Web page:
09 February 2024
Although the governments of impacted countries, including the UK, USA and China, have condemned the attacks on shipping in the Red Sea and called for an immediate ceasefire, various ocean carriers have decided to avoid the Red Sea route for safety reasons.
Most carriers, including Maersk, Hapag-Lloyd and CMA-CGM, have taken the decision to reroute their journeys via the Cape of Good Hope in Southern Africa, a longer route extending journey times by about 7-10 days in order to avoid the Red Sea.
This decision, however, comes at an additional cost to businesses, as major carriers have invoked clauses in their shipping agreements to charge additional fees in relation to the Red Sea crisis ranging from $300-$1,575 (approximately £235-£1,245) per 20-foot container from January 2024. These additional fees are not unexpected, as rerouting the journeys around the Cape of Good Hope not only costs the carriers more time, but also impacts crew, maintenance and fuel costs. While many businesses will have no choice but to bear this additional cost burden, they are still very likely to experience disruption to their supply chains.
The threat to the Red Sea is a threat to direct and indirect participants of approximately 12% of global trade. While ocean carriers are the front-line businesses impacted by this crisis, all types of businesses that depend on raw materials, processing materials and/or consumer/finished goods being shipped between America, Europe and Asia are directly impacted by this ongoing crisis.
So how could we be affected? The most obvious impact of this crisis is on businesses and the inevitable delays in the movement and delivery of goods to where they are needed, regardless of the additional cost impacts. This means that even when businesses are happy to pay more to ensure the safety and security of cargo, they still have to manage the potential risks of any resulting inability to meet customers’ demands, staff time management issues and other strains that this might put on them.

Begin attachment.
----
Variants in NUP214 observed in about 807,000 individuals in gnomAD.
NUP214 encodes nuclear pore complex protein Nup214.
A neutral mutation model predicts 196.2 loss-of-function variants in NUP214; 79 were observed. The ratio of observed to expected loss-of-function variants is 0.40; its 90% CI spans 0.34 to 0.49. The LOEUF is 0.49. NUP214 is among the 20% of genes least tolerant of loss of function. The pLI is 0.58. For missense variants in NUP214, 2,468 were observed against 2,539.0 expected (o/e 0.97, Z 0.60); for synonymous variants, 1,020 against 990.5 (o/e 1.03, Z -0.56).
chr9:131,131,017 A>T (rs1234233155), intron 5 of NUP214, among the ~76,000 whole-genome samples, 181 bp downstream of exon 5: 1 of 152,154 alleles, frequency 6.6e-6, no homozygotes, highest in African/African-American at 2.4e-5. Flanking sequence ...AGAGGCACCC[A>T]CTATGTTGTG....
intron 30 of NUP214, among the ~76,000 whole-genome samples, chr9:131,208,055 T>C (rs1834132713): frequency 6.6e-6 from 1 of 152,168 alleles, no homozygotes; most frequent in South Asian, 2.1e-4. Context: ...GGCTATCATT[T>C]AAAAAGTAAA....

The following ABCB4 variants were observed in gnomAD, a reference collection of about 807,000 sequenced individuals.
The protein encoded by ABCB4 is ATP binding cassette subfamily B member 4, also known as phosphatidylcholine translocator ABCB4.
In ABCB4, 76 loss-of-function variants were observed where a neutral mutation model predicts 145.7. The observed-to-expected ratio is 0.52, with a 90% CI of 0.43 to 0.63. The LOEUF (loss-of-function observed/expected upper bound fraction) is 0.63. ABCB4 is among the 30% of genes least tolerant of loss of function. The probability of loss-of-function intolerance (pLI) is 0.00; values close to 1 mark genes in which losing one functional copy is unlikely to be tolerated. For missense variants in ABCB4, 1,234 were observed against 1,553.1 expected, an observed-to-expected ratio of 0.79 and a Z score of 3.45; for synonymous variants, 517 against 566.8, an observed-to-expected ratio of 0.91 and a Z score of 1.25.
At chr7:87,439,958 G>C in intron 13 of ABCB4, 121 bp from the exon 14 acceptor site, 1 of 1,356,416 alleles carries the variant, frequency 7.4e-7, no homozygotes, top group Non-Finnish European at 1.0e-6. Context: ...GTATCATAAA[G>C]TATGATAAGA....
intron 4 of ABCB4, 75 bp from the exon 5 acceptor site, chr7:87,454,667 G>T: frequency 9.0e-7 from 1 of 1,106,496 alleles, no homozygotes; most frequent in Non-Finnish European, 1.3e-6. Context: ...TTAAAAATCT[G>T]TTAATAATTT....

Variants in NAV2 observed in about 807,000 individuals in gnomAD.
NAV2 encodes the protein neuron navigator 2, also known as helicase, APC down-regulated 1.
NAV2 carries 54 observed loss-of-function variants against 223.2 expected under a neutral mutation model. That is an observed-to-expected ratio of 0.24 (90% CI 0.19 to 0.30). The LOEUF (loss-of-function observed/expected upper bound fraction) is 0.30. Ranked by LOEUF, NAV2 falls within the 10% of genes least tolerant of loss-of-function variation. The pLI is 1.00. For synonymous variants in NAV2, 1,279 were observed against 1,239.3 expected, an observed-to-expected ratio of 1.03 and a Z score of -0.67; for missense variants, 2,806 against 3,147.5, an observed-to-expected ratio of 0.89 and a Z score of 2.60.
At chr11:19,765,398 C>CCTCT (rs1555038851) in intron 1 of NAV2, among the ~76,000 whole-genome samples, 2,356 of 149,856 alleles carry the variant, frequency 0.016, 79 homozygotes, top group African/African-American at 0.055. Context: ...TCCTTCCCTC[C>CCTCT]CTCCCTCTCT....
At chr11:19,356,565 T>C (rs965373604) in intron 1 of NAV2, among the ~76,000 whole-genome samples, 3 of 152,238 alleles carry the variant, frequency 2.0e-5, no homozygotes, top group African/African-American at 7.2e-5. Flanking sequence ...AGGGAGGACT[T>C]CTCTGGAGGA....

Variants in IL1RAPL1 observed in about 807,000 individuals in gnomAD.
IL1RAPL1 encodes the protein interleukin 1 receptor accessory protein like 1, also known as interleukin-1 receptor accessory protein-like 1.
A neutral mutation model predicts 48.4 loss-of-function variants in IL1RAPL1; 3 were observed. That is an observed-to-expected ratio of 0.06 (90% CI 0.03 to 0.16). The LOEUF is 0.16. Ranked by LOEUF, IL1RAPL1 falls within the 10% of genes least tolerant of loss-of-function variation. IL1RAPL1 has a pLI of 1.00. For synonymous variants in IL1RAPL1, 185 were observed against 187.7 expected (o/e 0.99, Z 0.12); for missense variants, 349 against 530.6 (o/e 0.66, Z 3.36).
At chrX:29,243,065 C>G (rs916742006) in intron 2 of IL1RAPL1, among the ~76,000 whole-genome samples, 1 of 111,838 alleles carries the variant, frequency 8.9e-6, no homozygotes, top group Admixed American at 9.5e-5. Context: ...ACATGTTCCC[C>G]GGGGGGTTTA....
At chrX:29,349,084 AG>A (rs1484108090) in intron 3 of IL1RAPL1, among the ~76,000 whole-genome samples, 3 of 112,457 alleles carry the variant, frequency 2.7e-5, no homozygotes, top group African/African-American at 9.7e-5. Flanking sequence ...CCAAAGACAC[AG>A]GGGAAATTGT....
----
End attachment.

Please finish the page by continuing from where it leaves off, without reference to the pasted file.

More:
Businesses also face a potential customer pricing dilemma as a result of the increased landed cost of goods, which is a consequence of higher transportation costs (additional Red Sea surcharges), higher insurance premiums due to current circumstances, higher customs duties based on the increased cost of goods and other ancillary costs.
Ultimately, businesses have to decide on whether and when to pass the additional costs they face on to their customers. If and when they do, there is a wider concern for individuals as the global market could face potentially significant inflationary pressures if the crisis continues. With inflation and interest rates still relatively high, the Red Sea attacks could prolong the cost-of-living crisis. They could also jeopardise the chancellor’s plans for tax cuts in the Spring Budget, as putting money into taxpayers’ pockets with tax cuts at the same time as external price pressures risks fuelling the flames of inflation still further.
Although businesses may not be able to curtail the attacks in the Red Sea or avoid the additional cost impacts, there is need for them to take action, where possible, to mitigate and manage the pressure on their international supply chains. The chancellor will certainly be hoping they act, as failure to do so could have a major impact on his political room to manoeuvre on tax measures in an election year and, in turn, on taxpayers’ pockets.